Speaking Truth to Power

Speaking Truth to Power is a mantra that is becoming increasingly popular in our nation. It holds a special significance for Christians who believe that the Bible is the authoritative Word from God and is not just true but supreme in our lives.

It is the prophetic role of every Christian to speak the truth to those who hold temporal power in our nation. We have a long line of examples going back to Moses confronting Pharaoh, extending through the prophets who spoke to Kings (Nathan to David, Elijah to Ahab etc), and continuing into the New Testament (Peter to the Jewish Sanhedrin, Paul to King Agrippa and perhaps to Caesar himself).

Unfortunately, as Evangelical Christians have become increasingly engaged politically, a large part of the church has lost its prophetic voice. Many seemed more concerned that we have a strong political voice than a strong spiritual voice. That’s unfortunate because our strength is found in our faith not in our political views.

I’m not suggesting that Christians have to settle for one or the other. I am suggesting that in many situations we have chosen to elevate the temporal over the spiritual, even to the point of ignoring clear Biblical teaching.

Recent events of racial violence in our nation give us the opportunity to regain what we have lost. Ed Stetzer who holds the Billy Graham Distinguished Chair of Church, Mission, and Evangelism at Wheaton College and is the Executive Director of the Billy Graham Center has written eloquently on the subject here. I encourage you to read his article.

My purpose is not to repeat what Stetzer wrote. I simply want to offer some practical suggestions on how we can integrate the truth of God’s Word with the political landscape, especially as it touches on the area of racism.

1. Make sure your loyalty is in the right place. As Christians we are called to supreme loyalty to God (Deuteronomy 6:4, Matthew 22:37) not to political parties or earthly leaders. When political positions collide with spiritual truth you need to speak truth to power (see Acts 4:19).

2. View people as God views them. All people, regardless of race or color were created by God (Acts 17:25) and carry in them the image of God (Genesis 1:26-27, James 3:8-9). That means that every person has intrinsic value and should be treated with godly respect. Racism elevates some people over other people and has no place in the Christian worldview.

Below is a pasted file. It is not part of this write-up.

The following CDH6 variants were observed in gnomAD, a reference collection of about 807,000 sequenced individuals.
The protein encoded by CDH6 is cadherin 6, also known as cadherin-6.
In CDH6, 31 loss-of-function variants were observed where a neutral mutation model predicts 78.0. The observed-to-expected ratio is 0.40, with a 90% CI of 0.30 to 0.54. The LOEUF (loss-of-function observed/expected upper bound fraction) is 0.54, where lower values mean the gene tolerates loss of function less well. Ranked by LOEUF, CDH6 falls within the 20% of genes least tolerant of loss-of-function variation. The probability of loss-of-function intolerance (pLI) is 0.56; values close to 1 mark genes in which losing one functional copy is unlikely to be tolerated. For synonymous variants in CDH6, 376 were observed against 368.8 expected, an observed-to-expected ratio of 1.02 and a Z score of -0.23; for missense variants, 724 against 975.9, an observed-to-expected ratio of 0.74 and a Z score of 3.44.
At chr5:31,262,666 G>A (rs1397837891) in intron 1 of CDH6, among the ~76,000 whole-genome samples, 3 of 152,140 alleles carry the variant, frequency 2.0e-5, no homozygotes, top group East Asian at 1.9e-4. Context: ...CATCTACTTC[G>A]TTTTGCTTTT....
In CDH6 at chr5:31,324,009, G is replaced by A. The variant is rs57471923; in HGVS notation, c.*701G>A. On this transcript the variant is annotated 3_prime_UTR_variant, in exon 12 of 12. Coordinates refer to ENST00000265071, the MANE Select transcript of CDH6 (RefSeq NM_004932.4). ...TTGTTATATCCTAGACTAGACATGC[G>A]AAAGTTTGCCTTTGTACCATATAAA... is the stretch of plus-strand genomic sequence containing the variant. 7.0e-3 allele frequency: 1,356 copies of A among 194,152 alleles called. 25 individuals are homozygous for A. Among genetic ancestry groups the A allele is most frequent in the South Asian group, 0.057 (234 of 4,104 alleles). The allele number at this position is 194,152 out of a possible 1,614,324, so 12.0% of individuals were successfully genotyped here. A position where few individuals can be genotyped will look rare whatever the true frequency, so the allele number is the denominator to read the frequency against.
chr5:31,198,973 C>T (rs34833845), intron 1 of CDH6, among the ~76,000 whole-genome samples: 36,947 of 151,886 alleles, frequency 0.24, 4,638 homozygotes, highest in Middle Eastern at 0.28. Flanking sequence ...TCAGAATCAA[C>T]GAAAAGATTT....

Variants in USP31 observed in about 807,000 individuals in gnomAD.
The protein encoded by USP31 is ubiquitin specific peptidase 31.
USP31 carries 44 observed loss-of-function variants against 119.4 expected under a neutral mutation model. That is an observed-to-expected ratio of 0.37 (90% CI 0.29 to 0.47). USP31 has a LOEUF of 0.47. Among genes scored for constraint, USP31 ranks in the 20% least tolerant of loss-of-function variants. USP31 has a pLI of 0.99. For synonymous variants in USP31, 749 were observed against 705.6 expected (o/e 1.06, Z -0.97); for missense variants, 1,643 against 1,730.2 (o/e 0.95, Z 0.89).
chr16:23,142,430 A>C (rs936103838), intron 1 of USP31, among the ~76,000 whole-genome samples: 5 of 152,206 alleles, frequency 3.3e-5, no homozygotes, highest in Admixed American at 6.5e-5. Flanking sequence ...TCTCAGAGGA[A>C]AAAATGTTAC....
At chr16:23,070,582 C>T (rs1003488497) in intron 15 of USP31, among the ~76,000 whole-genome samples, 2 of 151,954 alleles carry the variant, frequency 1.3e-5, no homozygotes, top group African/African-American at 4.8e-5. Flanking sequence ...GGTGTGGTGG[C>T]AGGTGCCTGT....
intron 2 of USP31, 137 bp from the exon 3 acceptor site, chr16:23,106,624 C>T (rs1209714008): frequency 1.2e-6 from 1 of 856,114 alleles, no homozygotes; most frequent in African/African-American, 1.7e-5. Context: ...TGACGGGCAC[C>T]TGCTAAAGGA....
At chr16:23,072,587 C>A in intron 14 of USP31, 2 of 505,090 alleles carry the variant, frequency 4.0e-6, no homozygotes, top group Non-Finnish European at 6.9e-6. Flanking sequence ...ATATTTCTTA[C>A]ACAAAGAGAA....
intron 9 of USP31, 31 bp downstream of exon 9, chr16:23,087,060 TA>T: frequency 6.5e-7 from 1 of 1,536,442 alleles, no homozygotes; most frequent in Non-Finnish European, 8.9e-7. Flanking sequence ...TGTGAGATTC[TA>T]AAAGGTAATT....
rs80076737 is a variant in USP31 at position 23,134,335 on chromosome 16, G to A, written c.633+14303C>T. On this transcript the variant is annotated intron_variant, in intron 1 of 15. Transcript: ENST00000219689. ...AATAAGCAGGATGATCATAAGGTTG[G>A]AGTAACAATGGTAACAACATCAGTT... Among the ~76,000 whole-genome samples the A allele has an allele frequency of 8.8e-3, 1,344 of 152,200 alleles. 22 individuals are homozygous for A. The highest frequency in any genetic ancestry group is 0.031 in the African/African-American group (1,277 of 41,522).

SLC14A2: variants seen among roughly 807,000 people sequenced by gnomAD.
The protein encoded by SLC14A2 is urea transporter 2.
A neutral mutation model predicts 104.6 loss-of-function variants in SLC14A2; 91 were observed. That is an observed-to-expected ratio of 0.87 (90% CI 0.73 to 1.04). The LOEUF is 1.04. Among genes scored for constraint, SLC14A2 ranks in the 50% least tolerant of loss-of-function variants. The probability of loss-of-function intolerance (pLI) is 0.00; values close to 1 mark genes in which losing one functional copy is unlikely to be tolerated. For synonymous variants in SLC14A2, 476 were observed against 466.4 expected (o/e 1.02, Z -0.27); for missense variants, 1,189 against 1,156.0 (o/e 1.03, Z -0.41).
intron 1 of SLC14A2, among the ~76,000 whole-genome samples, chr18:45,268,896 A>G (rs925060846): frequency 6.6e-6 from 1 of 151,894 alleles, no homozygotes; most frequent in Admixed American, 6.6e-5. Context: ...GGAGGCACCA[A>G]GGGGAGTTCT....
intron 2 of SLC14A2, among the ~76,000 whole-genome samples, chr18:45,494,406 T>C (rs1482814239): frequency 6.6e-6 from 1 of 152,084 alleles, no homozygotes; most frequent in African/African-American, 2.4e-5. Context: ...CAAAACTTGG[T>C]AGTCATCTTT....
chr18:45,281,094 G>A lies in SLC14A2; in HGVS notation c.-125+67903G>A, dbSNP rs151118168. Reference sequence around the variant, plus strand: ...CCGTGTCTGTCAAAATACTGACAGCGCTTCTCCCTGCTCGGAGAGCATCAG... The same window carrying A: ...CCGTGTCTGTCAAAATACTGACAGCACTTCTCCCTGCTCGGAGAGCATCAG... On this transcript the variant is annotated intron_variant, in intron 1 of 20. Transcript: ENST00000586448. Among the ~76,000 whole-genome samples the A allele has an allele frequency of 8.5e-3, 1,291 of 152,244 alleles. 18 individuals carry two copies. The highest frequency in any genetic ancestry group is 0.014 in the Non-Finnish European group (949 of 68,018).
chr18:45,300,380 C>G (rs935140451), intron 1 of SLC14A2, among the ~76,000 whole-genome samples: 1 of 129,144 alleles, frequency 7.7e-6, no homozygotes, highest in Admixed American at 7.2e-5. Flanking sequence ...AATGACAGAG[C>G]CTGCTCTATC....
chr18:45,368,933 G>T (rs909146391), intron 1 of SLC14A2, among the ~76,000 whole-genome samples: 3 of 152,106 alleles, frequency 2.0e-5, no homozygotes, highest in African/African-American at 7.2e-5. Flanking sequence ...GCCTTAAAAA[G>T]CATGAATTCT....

3. Be more concerned with your spiritual family than your political family. Paul’s instruction to the church (Galatians 6:10) is instructive at this point. Christians are to treat other people in a good (godly) way, but we have a special responsibility to those who belong to our spiritual family.

Unless you are from a minority race in this country, especially African-American, you have no idea the kind of pain and fear that is caused by racial symbols. I’m not advocating that we rewrite history or that we even ignore part of our history. That would be unwise. But neither do we need to protect or flaunt symbols that inflict pain on people of color, many of whom are our Brothers and Sisters in the faith.

You may not understand their pain or fear, but the simple fact that they find the Confederate flag and statues of Confederate leaders and soldiers offensive should be enough for us to stand with those who want them removed from public places. Think about what a statue of a confederate soldier means. It puts a specific individual, in a uniform that stands for a set of ungodly values, on a pedestal. In other words it elevates the person and the worldly philosophy that they represented to a place of honor (see 1 Corinthians 1:18f) in our nation. Those things are certainly part of our collective history and should be taught to our children, but not as deserving of honor.

4. Don’t act out of fear. If I read the Evangelical landscape correctly, this is where many Christians find themselves. They are so afraid of the other political side that they are willing to keep quiet about issues that conflict with their faith instead of speaking truth to power. Fear does not come from God (1 Timothy 1:7), it comes from a lack of trust in God’s sovereign control over nations and events. If you are living in fear that is driven by the political turmoil in our nation, or by the potential ramifications of the “wrong person” coming to power, you are in the wrong place spiritually. Our actions, including political actions, should operate out of faith, not fear. We need to do the right thing and leave the results up to our sovereign God.

The events of the last several days in Virginia and North Caroline give us the opportunity to shine as spiritual lights in a very dark world. If our actions are driven primarily by a political agenda and not a faith agenda we will miss a valuable opportunity.

It is time for the Evangelical church to speak truth to power, individually as we have the opportunity and collectively as we see the need.

Stay in the Word
Pastor Steve

Can You Love Jesus but Not Love His Church?

Good Question.

If you asked most Christians if they loved The Church they would probably answer in the affirmative. But many would have some mental qualifications.

I love The Church but not all of the people in it.

I love The Church, just not MY church.

I love The Church, it’s Christians I can’t stand.

I love the Church but I don’t need it.

According to a Barna survey, 10% of self-identifying evangelical Christians don’t attend church anywhere. They say that they love Jesus, they just don’t love His church. And the percentage is growing – slowly, but growing.

There are inconsistencies here. As Mark Galli, the Editor in Chief of Christianity Today pointed out in a recent article, can people really say that they love Jesus if they “refuse to participate in the community he promises to be present in?” Seems rather inconsistent.

The problem goes even deeper. Can people say that they love Jesus if they consciously choose not to do what He said to do? Hebrews 10:24-25 can’t be any clearer about our responsibility in regard to church attendance. Neither can John 14:15 be any clearer about the standard we are to use to judge our love for Jesus.

You can’t say that you love Jesus if you don’t do what Jesus said to do and you’re not doing what Jesus said to do if you don’t attend church. Pretty simple really.

The real issue here is not attending church verses not attending church. The real issue is an issue of the heart. Will we or won’t we bend our hearts to His will?

There are numerous reasons for the Christian to attend church. Among the most obvious are, Obedience, Worship, Fellowship, Instruction, Ministry, Exercising your Spiritual Gift, and Encouragement. Things that you can’t accomplish or experience on the same level as a Long Ranger Christian.